I was thinking about all the different scenarios of seeing scripture quotes in different contexts when reading today’s scriptures. Because in that second reading we heard from Paul's lettter to the Philippians - it contained one of the most popular, most cited passages: Phil 4:13. Just do a Google search and you’ll see artwork, tattoos, posters, t-shirts, billboards containing these beloved words of scripture. I can do all things in him who strengthens me. When I saw it, I had the same reaction I’ve had when encountering this passage: some really mixed emotions. Because I know it’s not something I could ever tattoo on myself (well I can’t tattoo anything without my Mother killing me, but that’s a different story altogether). Don’t get me wrong; it truly is a beautifully powerful testimony; it’s a sentiment that I truly want to believe. It’s a statement that on many deep levels I know to be true - but it’s also something that if I’m completely honest - I struggle with.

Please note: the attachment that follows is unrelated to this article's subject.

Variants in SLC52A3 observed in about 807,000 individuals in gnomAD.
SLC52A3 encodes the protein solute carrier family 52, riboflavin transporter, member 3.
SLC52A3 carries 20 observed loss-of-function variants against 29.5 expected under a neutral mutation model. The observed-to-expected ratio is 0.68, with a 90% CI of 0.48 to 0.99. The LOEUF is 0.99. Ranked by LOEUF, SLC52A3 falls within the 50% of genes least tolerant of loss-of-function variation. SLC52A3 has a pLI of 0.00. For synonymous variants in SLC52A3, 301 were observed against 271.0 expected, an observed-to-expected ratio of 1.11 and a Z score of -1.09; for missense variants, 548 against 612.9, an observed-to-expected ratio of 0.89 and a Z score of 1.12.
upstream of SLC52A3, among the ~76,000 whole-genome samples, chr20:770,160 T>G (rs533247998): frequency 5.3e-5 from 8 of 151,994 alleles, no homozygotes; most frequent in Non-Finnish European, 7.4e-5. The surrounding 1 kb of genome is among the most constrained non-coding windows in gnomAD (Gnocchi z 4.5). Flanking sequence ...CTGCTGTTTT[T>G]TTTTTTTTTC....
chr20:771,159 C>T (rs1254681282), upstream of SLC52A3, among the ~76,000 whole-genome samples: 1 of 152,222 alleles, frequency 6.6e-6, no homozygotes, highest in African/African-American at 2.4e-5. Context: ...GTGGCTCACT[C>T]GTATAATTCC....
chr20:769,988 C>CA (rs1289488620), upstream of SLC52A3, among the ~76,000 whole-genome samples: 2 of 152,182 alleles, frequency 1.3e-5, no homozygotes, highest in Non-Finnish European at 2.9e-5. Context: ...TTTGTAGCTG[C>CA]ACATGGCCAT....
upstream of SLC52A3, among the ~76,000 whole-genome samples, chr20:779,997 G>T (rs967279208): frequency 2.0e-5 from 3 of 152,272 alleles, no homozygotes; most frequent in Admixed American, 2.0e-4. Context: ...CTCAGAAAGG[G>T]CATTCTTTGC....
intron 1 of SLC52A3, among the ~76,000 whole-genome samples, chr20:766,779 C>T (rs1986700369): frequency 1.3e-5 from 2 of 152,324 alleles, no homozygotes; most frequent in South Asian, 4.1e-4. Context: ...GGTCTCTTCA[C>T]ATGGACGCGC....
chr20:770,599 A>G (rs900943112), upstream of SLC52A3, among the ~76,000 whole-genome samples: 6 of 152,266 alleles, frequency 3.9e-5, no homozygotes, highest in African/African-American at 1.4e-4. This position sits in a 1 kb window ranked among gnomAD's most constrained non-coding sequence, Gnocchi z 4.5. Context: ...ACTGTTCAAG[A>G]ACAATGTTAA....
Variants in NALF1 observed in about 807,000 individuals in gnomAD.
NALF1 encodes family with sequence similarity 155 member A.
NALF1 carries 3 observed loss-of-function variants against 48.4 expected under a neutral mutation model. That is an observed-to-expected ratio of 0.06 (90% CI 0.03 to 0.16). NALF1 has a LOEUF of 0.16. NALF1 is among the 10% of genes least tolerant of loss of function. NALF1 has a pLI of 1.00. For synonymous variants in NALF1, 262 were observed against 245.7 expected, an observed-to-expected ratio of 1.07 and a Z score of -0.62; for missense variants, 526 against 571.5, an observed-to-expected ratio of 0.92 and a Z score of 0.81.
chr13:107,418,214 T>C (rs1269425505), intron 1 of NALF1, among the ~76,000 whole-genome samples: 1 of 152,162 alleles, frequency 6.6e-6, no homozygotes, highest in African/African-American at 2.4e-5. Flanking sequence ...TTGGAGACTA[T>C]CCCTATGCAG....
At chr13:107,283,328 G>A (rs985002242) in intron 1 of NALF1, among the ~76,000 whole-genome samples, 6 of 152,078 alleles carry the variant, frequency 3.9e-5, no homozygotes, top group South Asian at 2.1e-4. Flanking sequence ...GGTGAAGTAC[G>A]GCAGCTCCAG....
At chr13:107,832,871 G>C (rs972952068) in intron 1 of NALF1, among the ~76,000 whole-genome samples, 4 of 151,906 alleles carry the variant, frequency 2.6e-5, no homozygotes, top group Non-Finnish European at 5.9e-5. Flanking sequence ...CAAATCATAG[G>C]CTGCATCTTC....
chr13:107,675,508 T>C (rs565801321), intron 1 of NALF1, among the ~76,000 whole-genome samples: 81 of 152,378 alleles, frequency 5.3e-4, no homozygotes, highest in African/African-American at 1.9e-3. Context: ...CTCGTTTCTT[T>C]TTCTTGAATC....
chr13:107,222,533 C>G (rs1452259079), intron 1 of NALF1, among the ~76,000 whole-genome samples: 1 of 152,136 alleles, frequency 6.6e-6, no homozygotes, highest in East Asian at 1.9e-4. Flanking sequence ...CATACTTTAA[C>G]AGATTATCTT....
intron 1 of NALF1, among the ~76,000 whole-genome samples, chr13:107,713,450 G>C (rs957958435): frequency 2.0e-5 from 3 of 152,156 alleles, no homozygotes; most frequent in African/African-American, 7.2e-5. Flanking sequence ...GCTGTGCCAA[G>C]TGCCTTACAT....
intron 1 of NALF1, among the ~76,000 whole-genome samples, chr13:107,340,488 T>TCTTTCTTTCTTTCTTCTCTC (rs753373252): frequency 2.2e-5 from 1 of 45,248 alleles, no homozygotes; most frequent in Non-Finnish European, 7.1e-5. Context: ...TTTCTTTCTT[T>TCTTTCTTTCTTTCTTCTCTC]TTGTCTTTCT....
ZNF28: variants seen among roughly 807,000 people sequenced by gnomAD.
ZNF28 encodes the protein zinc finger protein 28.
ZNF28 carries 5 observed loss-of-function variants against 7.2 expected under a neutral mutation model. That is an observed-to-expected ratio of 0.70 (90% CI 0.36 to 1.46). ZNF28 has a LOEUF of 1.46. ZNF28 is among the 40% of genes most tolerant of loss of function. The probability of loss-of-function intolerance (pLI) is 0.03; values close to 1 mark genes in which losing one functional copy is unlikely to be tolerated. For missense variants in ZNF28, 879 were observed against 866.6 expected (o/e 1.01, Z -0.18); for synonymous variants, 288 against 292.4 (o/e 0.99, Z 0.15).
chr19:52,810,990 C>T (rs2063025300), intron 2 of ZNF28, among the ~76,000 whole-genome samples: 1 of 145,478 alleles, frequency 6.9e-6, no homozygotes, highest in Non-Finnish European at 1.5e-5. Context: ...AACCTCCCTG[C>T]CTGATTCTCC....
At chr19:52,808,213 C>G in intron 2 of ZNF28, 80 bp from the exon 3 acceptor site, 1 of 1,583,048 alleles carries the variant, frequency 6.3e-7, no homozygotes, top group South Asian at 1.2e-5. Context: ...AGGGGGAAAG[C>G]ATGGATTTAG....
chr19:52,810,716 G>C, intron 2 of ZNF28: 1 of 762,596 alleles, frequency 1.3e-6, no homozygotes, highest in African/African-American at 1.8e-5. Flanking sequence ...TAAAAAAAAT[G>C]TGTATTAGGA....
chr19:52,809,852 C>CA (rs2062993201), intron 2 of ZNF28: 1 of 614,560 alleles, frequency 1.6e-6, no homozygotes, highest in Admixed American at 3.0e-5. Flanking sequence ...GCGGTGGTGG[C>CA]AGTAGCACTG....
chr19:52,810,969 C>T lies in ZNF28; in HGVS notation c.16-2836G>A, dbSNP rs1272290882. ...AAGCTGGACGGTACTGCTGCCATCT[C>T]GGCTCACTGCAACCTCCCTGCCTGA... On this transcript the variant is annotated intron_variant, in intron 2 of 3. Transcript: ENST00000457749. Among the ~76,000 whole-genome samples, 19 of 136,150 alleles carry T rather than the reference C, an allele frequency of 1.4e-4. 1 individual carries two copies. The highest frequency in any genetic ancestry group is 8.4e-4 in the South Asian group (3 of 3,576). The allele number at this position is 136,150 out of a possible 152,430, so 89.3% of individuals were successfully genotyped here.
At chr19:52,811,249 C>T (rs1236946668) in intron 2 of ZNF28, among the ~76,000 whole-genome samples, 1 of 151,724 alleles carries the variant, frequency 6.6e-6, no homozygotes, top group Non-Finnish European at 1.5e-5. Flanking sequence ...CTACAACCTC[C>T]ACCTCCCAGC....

Because when we read this passage, St. Paul isn’t merely speaking self-help words designed to motivate people to look beyond their weaknesses and challenge their limits. St. Paul is in prison and is writing to the people he brought the Christian message to after which they became Christians - they were now suffering persecutions and facing an uncertain future. Amidst all these circumstances, Paul is being reflective. He’s realized that after a multitude of very different experiences he has gone through, including being rejected, losing social status, being beaten and tortured - in addition to partaking in a gamut of life-altering positive experiences where he was well received, able to preach the Gospel in an effective manner - he realizes that regardless of his circumstances, positive or negative, or even in the face of life or death - Paul concedes that I can do all things in Him who strengthens me.  He’s not speaking inspirationally; he’s stating a fact.